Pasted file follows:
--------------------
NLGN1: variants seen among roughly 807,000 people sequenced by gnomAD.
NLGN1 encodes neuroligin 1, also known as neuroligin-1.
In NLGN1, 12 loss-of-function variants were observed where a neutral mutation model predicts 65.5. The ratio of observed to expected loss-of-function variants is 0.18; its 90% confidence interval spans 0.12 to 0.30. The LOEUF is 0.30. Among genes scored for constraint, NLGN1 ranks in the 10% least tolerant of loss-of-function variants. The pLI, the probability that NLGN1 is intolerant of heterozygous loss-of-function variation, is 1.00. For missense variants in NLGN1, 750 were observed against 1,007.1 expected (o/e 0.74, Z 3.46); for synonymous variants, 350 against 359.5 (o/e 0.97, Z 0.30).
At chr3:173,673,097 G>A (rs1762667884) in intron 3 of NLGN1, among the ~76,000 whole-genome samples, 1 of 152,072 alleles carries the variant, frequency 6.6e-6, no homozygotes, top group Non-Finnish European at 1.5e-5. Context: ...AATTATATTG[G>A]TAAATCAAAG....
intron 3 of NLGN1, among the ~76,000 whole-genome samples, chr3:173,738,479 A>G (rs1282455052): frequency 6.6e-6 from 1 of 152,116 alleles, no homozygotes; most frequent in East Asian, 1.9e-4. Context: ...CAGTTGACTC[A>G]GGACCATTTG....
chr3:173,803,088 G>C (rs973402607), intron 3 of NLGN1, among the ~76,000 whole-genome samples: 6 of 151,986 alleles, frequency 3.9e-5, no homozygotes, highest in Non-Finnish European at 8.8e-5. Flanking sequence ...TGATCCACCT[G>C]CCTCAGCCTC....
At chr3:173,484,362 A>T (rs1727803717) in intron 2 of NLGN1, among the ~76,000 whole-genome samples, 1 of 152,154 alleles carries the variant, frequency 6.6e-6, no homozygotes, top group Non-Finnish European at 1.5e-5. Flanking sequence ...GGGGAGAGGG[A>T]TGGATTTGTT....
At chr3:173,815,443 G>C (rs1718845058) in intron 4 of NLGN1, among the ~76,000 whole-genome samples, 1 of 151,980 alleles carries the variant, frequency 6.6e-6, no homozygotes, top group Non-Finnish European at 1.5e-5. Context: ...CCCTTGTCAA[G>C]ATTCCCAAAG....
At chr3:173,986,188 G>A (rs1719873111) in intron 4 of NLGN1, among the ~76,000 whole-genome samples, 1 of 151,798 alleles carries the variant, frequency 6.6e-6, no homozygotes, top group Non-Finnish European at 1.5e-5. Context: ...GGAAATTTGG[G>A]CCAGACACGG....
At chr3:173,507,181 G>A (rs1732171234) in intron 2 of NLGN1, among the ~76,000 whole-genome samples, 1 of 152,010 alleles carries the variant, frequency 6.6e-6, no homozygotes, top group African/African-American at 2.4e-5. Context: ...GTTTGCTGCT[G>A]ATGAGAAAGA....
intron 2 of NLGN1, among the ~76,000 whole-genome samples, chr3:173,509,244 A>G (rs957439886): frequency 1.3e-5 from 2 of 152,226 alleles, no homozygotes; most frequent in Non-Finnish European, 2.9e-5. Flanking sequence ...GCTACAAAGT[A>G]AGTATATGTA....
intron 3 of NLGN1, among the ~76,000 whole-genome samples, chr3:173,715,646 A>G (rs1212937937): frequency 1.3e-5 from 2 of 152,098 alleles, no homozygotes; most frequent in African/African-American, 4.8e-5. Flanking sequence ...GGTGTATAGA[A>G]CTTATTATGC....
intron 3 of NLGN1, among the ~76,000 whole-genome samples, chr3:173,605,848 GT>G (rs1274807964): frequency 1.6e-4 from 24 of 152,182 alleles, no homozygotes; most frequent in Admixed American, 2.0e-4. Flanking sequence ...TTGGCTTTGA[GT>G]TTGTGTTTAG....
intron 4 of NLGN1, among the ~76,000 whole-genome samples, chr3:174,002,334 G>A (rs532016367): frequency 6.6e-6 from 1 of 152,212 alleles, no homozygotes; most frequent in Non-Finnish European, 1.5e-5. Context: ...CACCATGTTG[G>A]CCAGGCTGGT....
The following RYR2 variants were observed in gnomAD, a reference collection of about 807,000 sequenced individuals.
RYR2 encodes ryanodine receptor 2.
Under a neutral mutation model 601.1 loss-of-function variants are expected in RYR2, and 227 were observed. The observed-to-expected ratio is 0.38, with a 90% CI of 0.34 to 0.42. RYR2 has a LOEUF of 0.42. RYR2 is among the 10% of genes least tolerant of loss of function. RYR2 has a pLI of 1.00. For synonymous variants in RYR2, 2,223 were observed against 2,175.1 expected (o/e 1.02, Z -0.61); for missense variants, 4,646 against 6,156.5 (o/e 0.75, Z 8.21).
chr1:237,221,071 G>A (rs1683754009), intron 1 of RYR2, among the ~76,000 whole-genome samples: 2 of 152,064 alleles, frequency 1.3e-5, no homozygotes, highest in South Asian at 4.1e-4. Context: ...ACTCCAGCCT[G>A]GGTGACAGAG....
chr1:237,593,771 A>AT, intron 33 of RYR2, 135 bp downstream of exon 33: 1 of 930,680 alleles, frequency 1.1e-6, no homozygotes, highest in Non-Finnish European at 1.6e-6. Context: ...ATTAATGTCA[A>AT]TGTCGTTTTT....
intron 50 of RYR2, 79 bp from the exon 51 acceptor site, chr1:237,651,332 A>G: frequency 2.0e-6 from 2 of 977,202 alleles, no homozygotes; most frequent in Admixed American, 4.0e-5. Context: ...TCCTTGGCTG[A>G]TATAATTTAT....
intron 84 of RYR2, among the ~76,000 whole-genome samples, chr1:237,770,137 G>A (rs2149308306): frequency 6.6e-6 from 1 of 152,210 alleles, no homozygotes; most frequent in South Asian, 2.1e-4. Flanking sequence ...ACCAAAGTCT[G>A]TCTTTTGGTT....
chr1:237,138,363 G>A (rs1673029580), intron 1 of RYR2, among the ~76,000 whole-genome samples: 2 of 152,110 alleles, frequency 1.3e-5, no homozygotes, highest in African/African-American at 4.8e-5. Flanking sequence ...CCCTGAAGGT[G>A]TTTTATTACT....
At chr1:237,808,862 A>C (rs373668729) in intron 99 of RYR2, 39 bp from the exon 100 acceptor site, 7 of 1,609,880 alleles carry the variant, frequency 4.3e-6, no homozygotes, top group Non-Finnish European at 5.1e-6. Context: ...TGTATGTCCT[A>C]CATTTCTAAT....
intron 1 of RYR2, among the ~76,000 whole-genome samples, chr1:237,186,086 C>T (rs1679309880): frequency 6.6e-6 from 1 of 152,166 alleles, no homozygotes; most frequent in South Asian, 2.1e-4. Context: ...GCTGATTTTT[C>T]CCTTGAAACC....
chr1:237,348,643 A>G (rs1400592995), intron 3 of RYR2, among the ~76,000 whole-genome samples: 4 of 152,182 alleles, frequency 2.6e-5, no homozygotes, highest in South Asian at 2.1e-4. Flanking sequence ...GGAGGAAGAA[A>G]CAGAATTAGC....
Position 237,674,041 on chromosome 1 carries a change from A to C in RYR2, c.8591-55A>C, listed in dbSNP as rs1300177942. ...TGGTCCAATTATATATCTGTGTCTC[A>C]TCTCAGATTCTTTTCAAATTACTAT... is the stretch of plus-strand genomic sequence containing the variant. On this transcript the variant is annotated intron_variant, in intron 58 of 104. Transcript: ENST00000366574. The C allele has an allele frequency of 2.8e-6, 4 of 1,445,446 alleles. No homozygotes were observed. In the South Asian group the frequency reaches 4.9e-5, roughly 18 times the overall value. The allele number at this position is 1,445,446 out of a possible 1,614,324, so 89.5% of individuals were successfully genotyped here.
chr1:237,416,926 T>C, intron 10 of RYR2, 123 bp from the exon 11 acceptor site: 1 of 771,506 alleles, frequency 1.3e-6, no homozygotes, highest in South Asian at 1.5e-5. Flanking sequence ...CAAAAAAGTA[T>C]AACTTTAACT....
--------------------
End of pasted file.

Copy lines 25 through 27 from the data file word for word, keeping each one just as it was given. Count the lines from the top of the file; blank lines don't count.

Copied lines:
chr1:237,348,643 A>G (rs1400592995), intron 3 of RYR2, among the ~76,000 whole-genome samples: 4 of 152,182 alleles, frequency 2.6e-5, no homozygotes, highest in South Asian at 2.1e-4. Flanking sequence ...GGAGGAAGAA[A>G]CAGAATTAGC....
Position 237,674,041 on chromosome 1 carries a change from A to C in RYR2, c.8591-55A>C, listed in dbSNP as rs1300177942. ...TGGTCCAATTATATATCTGTGTCTC[A>C]TCTCAGATTCTTTTCAAATTACTAT... is the stretch of plus-strand genomic sequence containing the variant. On this transcript the variant is annotated intron_variant, in intron 58 of 104. Transcript: ENST00000366574. The C allele has an allele frequency of 2.8e-6, 4 of 1,445,446 alleles. No homozygotes were observed. In the South Asian group the frequency reaches 4.9e-5, roughly 18 times the overall value. The allele number at this position is 1,445,446 out of a possible 1,614,324, so 89.5% of individuals were successfully genotyped here.
chr1:237,416,926 T>C, intron 10 of RYR2, 123 bp from the exon 11 acceptor site: 1 of 771,506 alleles, frequency 1.3e-6, no homozygotes, highest in South Asian at 1.5e-5. Flanking sequence ...CAAAAAAGTA[T>C]AACTTTAACT....